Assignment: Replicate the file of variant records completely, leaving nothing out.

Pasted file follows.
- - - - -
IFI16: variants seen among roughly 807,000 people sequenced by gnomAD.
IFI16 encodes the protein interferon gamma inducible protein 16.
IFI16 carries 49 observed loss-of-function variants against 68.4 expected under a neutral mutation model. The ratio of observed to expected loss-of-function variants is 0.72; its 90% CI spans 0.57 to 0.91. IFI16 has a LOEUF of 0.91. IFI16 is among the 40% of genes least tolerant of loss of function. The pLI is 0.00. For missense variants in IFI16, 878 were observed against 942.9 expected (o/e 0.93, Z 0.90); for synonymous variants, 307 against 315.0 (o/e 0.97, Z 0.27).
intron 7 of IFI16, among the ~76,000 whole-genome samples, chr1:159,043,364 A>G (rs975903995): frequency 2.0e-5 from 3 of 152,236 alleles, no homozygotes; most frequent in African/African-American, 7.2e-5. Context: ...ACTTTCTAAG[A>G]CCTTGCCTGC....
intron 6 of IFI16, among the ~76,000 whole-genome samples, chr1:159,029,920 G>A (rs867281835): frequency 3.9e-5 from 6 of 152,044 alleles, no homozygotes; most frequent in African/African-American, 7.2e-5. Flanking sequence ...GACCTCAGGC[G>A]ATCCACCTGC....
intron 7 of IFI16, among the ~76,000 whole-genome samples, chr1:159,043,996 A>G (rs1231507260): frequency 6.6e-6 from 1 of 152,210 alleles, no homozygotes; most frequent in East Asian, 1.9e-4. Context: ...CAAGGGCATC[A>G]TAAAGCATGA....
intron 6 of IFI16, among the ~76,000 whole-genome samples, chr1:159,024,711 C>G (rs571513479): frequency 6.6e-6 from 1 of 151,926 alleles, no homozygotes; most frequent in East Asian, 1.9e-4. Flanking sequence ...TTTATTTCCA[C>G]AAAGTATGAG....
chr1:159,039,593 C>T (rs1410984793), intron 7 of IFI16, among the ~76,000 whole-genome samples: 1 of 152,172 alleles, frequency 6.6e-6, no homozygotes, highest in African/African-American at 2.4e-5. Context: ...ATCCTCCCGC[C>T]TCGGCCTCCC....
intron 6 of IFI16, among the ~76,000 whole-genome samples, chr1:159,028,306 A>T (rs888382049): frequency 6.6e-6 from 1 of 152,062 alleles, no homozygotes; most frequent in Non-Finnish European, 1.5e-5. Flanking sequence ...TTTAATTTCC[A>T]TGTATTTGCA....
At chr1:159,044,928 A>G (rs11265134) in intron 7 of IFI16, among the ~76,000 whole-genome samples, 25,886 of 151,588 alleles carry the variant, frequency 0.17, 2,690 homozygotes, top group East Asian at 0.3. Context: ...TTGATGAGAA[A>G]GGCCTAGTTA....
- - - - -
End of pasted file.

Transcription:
IFI16: variants seen among roughly 807,000 people sequenced by gnomAD.
IFI16 encodes the protein interferon gamma inducible protein 16.
IFI16 carries 49 observed loss-of-function variants against 68.4 expected under a neutral mutation model. The ratio of observed to expected loss-of-function variants is 0.72; its 90% CI spans 0.57 to 0.91. IFI16 has a LOEUF of 0.91. IFI16 is among the 40% of genes least tolerant of loss of function. The pLI is 0.00. For missense variants in IFI16, 878 were observed against 942.9 expected (o/e 0.93, Z 0.90); for synonymous variants, 307 against 315.0 (o/e 0.97, Z 0.27).
intron 7 of IFI16, among the ~76,000 whole-genome samples, chr1:159,043,364 A>G (rs975903995): frequency 2.0e-5 from 3 of 152,236 alleles, no homozygotes; most frequent in African/African-American, 7.2e-5. Context: ...ACTTTCTAAG[A>G]CCTTGCCTGC....
intron 6 of IFI16, among the ~76,000 whole-genome samples, chr1:159,029,920 G>A (rs867281835): frequency 3.9e-5 from 6 of 152,044 alleles, no homozygotes; most frequent in African/African-American, 7.2e-5. Flanking sequence ...GACCTCAGGC[G>A]ATCCACCTGC....
intron 7 of IFI16, among the ~76,000 whole-genome samples, chr1:159,043,996 A>G (rs1231507260): frequency 6.6e-6 from 1 of 152,210 alleles, no homozygotes; most frequent in East Asian, 1.9e-4. Context: ...CAAGGGCATC[A>G]TAAAGCATGA....
intron 6 of IFI16, among the ~76,000 whole-genome samples, chr1:159,024,711 C>G (rs571513479): frequency 6.6e-6 from 1 of 151,926 alleles, no homozygotes; most frequent in East Asian, 1.9e-4. Flanking sequence ...TTTATTTCCA[C>G]AAAGTATGAG....
chr1:159,039,593 C>T (rs1410984793), intron 7 of IFI16, among the ~76,000 whole-genome samples: 1 of 152,172 alleles, frequency 6.6e-6, no homozygotes, highest in African/African-American at 2.4e-5. Context: ...ATCCTCCCGC[C>T]TCGGCCTCCC....
intron 6 of IFI16, among the ~76,000 whole-genome samples, chr1:159,028,306 A>T (rs888382049): frequency 6.6e-6 from 1 of 152,062 alleles, no homozygotes; most frequent in Non-Finnish European, 1.5e-5. Flanking sequence ...TTTAATTTCC[A>T]TGTATTTGCA....
At chr1:159,044,928 A>G (rs11265134) in intron 7 of IFI16, among the ~76,000 whole-genome samples, 25,886 of 151,588 alleles carry the variant, frequency 0.17, 2,690 homozygotes, top group East Asian at 0.3. Context: ...TTGATGAGAA[A>G]GGCCTAGTTA....